Contending Marlins confound at 3B

As David Pinto notes, the Marlins and the Mariners have both balanced their streaks this season to sit around .500 and are actually contending in their weak divisions. I've already given my prescription for the M's -- get Mike Carp and Michael Saunders into the lineup, stat -- but what about the Marlins?
R.J. Anderson suggests that maybe it's Maybin Time:

    Cameron Maybin's stay in the minors could be coming to an end soon. The Marlins' collective centerfielders aren't getting the job done, ranking in the bottom third of the league in offensive and defensive contributions. Meanwhile, Maybin has scorched Triple-A in his second month at the level. Overall, Maybin is hitting .323/.404/.452 with a homerun, four stolen bags, and a passable BB/K ratio.

    There's also the question of whether Maybin is indeed ready for major league action. Given a limited sample size of just under 200 plate appearances, Maybin has hit a pedestrian .242/.309/.345; although, the incumbent group of centerfielders is not doing much better, with a combined line of .272/.321/.443. If Maybin is able to make contact better than 70% of the time, he could do a lot better.

Anderson is selling the Marlins' center fielders short, because lately center field has been manned solely by Cody Ross, and Ross' hitting stats would place him in the upper third of the league's center fielders. While it's true that his fielding stats this season aren't good, career-wise he's been fine.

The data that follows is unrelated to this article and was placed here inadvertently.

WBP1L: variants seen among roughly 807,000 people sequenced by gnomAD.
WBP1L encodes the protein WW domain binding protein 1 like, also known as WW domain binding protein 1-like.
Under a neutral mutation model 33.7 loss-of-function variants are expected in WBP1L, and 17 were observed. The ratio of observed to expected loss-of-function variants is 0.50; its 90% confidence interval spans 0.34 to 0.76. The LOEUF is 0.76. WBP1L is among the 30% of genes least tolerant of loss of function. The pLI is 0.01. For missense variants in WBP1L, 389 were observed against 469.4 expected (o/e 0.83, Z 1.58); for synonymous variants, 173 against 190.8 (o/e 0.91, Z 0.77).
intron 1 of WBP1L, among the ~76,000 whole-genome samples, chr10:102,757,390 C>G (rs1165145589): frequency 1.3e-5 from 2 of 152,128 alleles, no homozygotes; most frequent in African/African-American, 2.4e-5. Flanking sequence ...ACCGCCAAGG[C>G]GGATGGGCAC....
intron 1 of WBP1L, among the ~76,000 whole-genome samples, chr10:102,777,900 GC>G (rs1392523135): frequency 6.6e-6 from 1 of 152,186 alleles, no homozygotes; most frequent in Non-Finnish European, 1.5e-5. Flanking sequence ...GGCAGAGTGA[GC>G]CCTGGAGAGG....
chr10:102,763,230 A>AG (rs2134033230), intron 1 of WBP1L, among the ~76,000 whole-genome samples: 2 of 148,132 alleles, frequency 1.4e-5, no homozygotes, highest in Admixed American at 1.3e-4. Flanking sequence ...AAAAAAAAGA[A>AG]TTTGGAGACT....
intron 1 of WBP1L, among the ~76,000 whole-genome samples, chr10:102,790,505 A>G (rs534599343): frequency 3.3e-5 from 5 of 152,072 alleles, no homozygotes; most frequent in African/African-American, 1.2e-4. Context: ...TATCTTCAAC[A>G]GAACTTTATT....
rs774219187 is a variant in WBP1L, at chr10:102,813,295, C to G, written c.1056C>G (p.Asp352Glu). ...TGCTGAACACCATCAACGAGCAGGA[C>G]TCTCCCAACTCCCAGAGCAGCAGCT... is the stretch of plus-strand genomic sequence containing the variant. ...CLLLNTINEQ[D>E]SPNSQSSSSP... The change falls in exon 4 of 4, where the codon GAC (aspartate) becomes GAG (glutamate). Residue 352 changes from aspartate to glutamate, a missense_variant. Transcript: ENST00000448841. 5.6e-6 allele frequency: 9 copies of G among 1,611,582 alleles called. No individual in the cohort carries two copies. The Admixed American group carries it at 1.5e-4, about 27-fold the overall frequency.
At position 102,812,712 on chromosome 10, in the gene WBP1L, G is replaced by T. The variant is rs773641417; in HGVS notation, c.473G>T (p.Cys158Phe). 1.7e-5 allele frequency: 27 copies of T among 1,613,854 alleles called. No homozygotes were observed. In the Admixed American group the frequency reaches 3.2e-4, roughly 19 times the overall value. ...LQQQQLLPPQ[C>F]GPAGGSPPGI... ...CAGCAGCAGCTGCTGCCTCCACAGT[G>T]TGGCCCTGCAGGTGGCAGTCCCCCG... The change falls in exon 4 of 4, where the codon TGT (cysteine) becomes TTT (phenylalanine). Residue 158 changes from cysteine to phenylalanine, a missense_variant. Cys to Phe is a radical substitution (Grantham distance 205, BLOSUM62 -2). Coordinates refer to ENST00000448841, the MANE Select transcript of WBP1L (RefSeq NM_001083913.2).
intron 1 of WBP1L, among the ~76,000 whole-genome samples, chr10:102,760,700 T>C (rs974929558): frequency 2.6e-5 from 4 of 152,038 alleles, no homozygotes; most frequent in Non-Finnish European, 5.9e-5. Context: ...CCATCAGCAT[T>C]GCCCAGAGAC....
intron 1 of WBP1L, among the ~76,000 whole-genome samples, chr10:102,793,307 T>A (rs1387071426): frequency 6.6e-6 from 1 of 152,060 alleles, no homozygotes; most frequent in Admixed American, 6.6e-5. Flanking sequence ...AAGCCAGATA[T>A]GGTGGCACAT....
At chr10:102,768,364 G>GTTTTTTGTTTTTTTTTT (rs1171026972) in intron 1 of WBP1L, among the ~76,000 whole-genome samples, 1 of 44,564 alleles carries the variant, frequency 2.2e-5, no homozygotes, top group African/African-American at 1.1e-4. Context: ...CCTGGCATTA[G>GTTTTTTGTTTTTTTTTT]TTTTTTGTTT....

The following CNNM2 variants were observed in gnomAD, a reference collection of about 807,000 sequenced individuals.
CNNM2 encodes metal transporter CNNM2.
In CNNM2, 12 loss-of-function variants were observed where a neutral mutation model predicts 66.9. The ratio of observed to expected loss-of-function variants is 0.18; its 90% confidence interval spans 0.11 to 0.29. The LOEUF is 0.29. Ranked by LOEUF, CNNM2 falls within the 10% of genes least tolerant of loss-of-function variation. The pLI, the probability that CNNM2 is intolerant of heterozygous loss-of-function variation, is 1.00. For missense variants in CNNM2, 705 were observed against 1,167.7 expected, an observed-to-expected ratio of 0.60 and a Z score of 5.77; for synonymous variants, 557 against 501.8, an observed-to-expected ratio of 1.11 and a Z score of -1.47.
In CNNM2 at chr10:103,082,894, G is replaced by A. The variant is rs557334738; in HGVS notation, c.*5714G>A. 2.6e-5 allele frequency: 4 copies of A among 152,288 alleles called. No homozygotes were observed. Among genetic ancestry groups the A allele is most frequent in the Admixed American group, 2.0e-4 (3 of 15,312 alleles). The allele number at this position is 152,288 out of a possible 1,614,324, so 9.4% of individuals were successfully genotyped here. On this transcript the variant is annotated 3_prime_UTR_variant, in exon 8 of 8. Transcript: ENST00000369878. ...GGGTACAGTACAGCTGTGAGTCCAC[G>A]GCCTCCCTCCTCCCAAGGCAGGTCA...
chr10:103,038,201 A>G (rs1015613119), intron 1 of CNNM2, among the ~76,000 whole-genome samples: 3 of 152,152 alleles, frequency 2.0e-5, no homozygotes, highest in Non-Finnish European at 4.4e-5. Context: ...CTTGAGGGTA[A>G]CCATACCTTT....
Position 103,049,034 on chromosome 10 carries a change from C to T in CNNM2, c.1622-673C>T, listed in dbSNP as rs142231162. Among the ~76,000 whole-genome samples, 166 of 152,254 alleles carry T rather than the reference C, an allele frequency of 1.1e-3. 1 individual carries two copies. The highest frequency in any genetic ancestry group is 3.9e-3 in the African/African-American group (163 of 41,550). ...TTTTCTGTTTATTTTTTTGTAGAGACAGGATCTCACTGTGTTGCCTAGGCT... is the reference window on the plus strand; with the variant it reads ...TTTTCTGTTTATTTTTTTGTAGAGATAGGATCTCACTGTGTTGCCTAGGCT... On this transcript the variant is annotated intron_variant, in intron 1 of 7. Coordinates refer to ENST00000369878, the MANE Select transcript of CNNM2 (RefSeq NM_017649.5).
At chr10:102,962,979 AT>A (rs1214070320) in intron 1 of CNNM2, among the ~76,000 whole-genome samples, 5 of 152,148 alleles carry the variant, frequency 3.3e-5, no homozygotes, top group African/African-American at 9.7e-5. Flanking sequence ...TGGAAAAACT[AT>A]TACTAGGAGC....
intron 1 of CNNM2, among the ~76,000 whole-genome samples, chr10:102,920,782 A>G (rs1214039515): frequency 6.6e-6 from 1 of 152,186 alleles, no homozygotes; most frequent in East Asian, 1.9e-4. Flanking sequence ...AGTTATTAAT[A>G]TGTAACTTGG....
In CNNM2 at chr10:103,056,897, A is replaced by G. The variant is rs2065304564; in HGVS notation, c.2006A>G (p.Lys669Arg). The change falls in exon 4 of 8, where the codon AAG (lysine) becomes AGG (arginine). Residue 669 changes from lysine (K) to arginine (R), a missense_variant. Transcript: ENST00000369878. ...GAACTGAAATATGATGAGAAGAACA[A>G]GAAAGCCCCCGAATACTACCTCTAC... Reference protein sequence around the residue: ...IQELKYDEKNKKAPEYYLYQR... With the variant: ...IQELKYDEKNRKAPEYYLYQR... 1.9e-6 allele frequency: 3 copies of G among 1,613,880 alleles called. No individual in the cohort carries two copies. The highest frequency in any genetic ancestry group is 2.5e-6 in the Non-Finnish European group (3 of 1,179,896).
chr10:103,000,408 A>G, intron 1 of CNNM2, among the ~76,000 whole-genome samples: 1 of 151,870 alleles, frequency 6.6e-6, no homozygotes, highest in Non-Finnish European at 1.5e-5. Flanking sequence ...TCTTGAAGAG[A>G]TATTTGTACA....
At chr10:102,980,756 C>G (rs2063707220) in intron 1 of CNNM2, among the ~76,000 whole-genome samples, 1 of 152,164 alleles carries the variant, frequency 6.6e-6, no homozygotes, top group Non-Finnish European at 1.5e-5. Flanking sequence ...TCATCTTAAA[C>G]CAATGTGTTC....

The question really isn't whether Maybin's better than Ross. The question is whether Maybin's better than rookie left fielder Chris Coghlan or right fielder Jeremy Hermida, both of whom have been less than brilliant. And the question might even be whether Maybin's better than backup outfielders Alfredo Amezaga and Alejandro De Aza, both of whom haven't ever hit (or ever will).

In a close-run thing, the only way to win is to get your talent on the field. Maybin's struggled during two of his major league trials, but he's pretty clearly more talented right now than the Marlins' fourth and fifth outfielders. I suppose they don't want him sitting on the bench and wasting developmental (and service) time, but they probably should find a place for him.

All that said, though -- and I hate to keep harping on this, but the Marlins leave me no choice -- the real problem isn't in the outfield; it's at third base, where Emilio Bonifacio just keeps sucking up plate appearances, game after game after game after game.

Which Marlin has the lowest on-base percentage? Emilio Bonifacio.

Which Marlin has the lowest slugging percentage? Emilio Bonifacio.

Which Marlin has the most plate appearances? Emilio Bonifacio. Naturally.

And you know what the kicker is? He's not even a good third baseman.

If Marlins management were a doctor, the fans could sue for malpractice. I love an underdog, but any team that believes Emilio Bonifacio is an every-day third baseman simply doesn't deserve to win.